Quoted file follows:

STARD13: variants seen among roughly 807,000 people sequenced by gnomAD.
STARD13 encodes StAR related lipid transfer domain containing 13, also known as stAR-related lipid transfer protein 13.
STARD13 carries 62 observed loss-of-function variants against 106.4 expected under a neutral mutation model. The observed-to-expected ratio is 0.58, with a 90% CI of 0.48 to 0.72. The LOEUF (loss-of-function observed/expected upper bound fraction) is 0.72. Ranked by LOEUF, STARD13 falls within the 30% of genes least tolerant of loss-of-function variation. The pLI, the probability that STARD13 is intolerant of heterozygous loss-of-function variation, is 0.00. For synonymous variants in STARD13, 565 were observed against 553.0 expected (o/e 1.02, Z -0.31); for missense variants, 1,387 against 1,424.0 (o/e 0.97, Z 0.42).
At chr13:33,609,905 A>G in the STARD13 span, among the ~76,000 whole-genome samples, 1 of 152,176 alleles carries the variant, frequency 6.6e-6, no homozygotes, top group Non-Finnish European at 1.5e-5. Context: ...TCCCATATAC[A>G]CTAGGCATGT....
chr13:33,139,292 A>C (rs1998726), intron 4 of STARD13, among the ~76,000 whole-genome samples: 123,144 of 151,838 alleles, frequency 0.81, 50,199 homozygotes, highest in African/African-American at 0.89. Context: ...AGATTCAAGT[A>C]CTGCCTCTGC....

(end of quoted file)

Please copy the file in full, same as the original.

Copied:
STARD13: variants seen among roughly 807,000 people sequenced by gnomAD.
STARD13 encodes StAR related lipid transfer domain containing 13, also known as stAR-related lipid transfer protein 13.
STARD13 carries 62 observed loss-of-function variants against 106.4 expected under a neutral mutation model. The observed-to-expected ratio is 0.58, with a 90% CI of 0.48 to 0.72. The LOEUF (loss-of-function observed/expected upper bound fraction) is 0.72. Ranked by LOEUF, STARD13 falls within the 30% of genes least tolerant of loss-of-function variation. The pLI, the probability that STARD13 is intolerant of heterozygous loss-of-function variation, is 0.00. For synonymous variants in STARD13, 565 were observed against 553.0 expected (o/e 1.02, Z -0.31); for missense variants, 1,387 against 1,424.0 (o/e 0.97, Z 0.42).
At chr13:33,609,905 A>G in the STARD13 span, among the ~76,000 whole-genome samples, 1 of 152,176 alleles carries the variant, frequency 6.6e-6, no homozygotes, top group Non-Finnish European at 1.5e-5. Context: ...TCCCATATAC[A>G]CTAGGCATGT....
chr13:33,139,292 A>C (rs1998726), intron 4 of STARD13, among the ~76,000 whole-genome samples: 123,144 of 151,838 alleles, frequency 0.81, 50,199 homozygotes, highest in African/African-American at 0.89. Context: ...AGATTCAAGT[A>C]CTGCCTCTGC....